Why You Should Visit:
The views are genuinely stunning and, providing you have the stomach for it, you should definitely line up to step onto the Ledge – the glass box that juts out the side of the viewing floor – perfect for photo ops.

Tip:
The observatory is not very big but waiting for the actual glass bottom ledge takes a while, so try going straight to the ledge first to beat the crowd and then take your time to go around.

Opening Hours:
Daily: 10am-8pm
Sight description based on wikipedia
2
Rookery Building

2) Rookery Building (must see)

The Rookery Building is a historic landmark located in the Loop community area of Chicago. Completed by John Wellborn Root and Daniel Burnham in 1888, it is considered one of their architectural masterpieces. The oldest standing high-rise in Chicago, the building is twelve stories tall and measures 181 feet (55 m). The Rookery has a unique style with exterior load-bearing walls and an interior steel frame. The name Rookery comes from the previous building on this site, which became home to many birds, especially pigeons. The red marble, terracotta and brick facade is a combination of Roman Revival and Queen Anne styles that embraced Richardsonian Romanesque architecture. The building itself is a combination of iron framing and masonry bearing walls and, as such, manifested a transition from masonry to steel skeleton load-bearing structures.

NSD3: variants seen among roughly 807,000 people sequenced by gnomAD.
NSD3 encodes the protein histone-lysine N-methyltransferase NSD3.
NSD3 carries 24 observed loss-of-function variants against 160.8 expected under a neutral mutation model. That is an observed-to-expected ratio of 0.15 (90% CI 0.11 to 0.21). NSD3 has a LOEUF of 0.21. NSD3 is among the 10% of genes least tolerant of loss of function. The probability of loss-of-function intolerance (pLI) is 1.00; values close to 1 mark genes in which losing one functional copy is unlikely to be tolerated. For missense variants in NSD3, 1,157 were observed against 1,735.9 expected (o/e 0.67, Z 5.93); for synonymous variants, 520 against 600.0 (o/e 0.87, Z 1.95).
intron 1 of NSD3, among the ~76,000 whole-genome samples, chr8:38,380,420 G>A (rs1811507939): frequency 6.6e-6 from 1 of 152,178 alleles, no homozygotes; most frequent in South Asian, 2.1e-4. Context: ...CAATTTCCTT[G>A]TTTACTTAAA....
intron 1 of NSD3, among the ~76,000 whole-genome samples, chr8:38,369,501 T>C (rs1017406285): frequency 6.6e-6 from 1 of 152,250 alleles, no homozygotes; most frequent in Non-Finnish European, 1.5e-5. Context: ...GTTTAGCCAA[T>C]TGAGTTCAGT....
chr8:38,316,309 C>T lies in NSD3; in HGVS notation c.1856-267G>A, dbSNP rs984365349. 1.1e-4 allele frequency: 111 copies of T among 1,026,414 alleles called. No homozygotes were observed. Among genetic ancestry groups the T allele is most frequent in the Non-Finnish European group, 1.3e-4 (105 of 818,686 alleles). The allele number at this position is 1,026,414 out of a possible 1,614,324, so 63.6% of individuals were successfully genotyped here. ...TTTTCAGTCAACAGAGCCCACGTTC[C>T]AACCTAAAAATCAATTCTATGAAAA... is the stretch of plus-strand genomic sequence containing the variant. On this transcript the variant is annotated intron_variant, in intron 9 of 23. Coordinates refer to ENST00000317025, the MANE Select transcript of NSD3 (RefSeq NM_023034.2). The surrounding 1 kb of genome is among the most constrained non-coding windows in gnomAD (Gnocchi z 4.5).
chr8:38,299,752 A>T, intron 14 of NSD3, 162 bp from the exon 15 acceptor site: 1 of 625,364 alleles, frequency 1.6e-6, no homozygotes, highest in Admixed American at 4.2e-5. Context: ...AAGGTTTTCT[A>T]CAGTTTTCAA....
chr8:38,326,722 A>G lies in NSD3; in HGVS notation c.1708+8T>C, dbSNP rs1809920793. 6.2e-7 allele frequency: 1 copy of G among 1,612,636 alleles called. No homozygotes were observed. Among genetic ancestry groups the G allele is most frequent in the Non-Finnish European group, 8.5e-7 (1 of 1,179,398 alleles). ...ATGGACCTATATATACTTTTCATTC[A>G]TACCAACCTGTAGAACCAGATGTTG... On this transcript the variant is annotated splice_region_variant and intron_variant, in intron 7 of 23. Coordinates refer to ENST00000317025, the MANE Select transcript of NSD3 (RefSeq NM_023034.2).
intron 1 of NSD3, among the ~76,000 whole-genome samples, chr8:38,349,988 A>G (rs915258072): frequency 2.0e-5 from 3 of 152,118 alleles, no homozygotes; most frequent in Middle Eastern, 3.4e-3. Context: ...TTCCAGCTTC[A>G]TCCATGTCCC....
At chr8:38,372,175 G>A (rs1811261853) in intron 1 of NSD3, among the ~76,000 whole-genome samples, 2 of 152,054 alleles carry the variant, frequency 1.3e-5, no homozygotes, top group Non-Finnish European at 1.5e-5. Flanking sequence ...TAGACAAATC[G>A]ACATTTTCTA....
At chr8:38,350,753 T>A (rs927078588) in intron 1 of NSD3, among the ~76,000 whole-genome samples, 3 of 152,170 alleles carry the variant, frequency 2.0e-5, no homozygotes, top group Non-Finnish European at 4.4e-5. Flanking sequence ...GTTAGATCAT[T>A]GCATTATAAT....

Why You Should Visit:
From the outside, it looks like an ordinary classic building of Chicago, whereas, on the inside, it really gets you pulled in and held in awe.